My son, Schpanky (his real nickname) is stubborn. Mrs. Unaccomplished Angler and I like to joke that he’s going to be either a trial attorney or a hostage negotiator, because he won’t back down from an argument. No matter what profession he chooses, I think it’s safe to say he’s going to become a better fisherman than his father. From the time he was probably 8 or 9, he showed the sort of patience needed for a lifelong pursuit of fish, and would happily spend hours at low tide with an old spinning rod, tossing a Dick Knight into the channel of the Tahuya River on Hood Canal. When the tide was high, he’d throw that same lure from our dock, hoping to catch a small perch or a bullhead. He seemed undeterred by a lack of success, and kept at it until his perseverance was rewarded. As he got older, the patience and fascination with fishing remained, so when he was 11 I learned him how to cast a fly rod in the back yard. He got the hang of it quickly, displaying a natural ability to stay relaxed and let the rod load under the weight of the line. If it had only come so easily to me…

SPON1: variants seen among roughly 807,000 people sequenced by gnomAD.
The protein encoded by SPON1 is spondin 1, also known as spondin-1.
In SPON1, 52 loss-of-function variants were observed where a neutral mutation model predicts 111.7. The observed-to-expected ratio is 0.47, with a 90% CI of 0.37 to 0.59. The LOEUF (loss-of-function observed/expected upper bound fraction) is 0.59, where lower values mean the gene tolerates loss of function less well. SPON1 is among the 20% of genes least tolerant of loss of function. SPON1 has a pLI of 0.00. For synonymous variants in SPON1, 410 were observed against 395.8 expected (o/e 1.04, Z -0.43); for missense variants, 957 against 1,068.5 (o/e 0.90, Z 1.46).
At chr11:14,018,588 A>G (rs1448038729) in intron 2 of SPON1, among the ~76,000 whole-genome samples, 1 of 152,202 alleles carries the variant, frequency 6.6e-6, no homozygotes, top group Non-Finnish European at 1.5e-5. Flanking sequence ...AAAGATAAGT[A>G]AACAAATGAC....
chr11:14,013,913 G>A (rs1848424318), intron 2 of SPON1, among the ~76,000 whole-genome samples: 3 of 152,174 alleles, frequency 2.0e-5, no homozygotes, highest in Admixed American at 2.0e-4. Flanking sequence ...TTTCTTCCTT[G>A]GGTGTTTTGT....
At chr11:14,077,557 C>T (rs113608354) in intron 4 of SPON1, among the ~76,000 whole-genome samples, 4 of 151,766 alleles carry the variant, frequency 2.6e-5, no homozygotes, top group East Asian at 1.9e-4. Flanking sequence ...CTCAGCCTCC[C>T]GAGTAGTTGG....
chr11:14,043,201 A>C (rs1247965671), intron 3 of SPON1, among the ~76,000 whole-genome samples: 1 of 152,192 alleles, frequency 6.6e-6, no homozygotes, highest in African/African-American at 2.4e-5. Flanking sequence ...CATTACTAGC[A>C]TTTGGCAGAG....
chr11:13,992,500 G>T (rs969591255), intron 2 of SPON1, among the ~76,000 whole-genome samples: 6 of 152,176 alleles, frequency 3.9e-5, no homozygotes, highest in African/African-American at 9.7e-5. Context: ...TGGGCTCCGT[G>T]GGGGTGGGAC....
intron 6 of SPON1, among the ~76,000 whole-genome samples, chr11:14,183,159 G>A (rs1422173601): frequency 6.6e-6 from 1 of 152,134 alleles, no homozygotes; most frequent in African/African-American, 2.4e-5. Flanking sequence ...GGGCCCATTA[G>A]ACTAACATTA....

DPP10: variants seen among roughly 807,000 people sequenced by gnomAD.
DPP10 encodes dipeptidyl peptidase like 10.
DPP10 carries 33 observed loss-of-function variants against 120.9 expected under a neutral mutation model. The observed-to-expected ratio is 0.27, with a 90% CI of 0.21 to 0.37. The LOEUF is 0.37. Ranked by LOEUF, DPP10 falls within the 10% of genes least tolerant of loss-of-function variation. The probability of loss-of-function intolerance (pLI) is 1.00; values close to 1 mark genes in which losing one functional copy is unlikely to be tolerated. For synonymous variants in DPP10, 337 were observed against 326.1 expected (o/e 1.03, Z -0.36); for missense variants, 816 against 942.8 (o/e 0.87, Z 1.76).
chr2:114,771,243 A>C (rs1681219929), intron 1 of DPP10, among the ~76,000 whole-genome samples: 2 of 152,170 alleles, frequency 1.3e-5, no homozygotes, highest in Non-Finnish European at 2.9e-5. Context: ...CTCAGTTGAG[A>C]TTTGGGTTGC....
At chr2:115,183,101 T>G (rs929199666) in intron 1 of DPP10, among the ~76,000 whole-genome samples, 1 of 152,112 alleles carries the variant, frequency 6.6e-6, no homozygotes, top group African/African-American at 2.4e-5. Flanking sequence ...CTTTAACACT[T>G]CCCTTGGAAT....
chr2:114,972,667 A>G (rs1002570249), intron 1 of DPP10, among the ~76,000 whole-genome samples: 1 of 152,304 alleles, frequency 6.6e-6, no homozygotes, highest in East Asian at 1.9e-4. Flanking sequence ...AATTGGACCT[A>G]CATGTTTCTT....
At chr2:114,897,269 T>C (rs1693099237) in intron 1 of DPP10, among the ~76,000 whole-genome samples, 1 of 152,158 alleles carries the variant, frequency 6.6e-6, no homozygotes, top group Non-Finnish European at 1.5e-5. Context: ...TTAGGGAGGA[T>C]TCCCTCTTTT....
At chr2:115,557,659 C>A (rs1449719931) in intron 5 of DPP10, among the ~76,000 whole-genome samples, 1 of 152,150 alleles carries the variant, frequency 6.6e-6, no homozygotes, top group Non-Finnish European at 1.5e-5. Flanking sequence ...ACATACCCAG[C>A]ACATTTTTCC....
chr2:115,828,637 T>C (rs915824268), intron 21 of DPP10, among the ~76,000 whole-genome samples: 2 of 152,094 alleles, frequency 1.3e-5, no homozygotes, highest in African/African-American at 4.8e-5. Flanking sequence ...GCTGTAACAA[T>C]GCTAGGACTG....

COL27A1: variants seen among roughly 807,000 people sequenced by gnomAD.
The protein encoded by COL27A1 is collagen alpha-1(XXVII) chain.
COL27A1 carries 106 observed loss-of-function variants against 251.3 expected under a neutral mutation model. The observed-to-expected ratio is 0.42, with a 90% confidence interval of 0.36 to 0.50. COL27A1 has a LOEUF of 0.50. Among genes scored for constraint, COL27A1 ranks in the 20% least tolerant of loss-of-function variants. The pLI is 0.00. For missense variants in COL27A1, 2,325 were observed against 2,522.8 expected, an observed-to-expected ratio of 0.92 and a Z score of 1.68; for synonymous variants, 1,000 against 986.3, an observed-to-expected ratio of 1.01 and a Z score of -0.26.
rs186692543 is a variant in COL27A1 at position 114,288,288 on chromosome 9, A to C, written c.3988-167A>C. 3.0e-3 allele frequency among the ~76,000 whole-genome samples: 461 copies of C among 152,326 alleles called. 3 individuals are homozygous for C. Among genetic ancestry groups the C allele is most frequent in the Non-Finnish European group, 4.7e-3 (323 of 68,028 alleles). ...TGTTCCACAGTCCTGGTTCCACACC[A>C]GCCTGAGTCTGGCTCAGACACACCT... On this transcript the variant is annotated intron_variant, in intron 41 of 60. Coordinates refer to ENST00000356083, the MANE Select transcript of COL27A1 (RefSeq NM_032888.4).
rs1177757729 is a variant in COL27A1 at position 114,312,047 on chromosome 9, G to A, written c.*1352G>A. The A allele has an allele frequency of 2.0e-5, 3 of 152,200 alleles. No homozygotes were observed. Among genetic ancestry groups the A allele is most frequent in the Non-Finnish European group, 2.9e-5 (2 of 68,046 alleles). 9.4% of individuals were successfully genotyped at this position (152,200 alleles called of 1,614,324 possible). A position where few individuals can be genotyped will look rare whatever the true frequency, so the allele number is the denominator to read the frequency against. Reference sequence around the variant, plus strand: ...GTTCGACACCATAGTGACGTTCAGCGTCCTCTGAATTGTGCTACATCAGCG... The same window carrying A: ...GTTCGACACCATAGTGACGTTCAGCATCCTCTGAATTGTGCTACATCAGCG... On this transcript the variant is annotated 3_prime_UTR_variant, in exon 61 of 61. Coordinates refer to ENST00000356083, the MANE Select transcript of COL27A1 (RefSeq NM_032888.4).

In addition to his patient determination, Schpanky also has SLD (Selective Listening Disorder). At one point his mother and I actually thought he might have a physical condition that affected his ability to hear us. However, an inspection revealed no more wax buildup in his ears than would be expected, and we concluded that his hearing is fine. It’s his listening that isn’t always keen.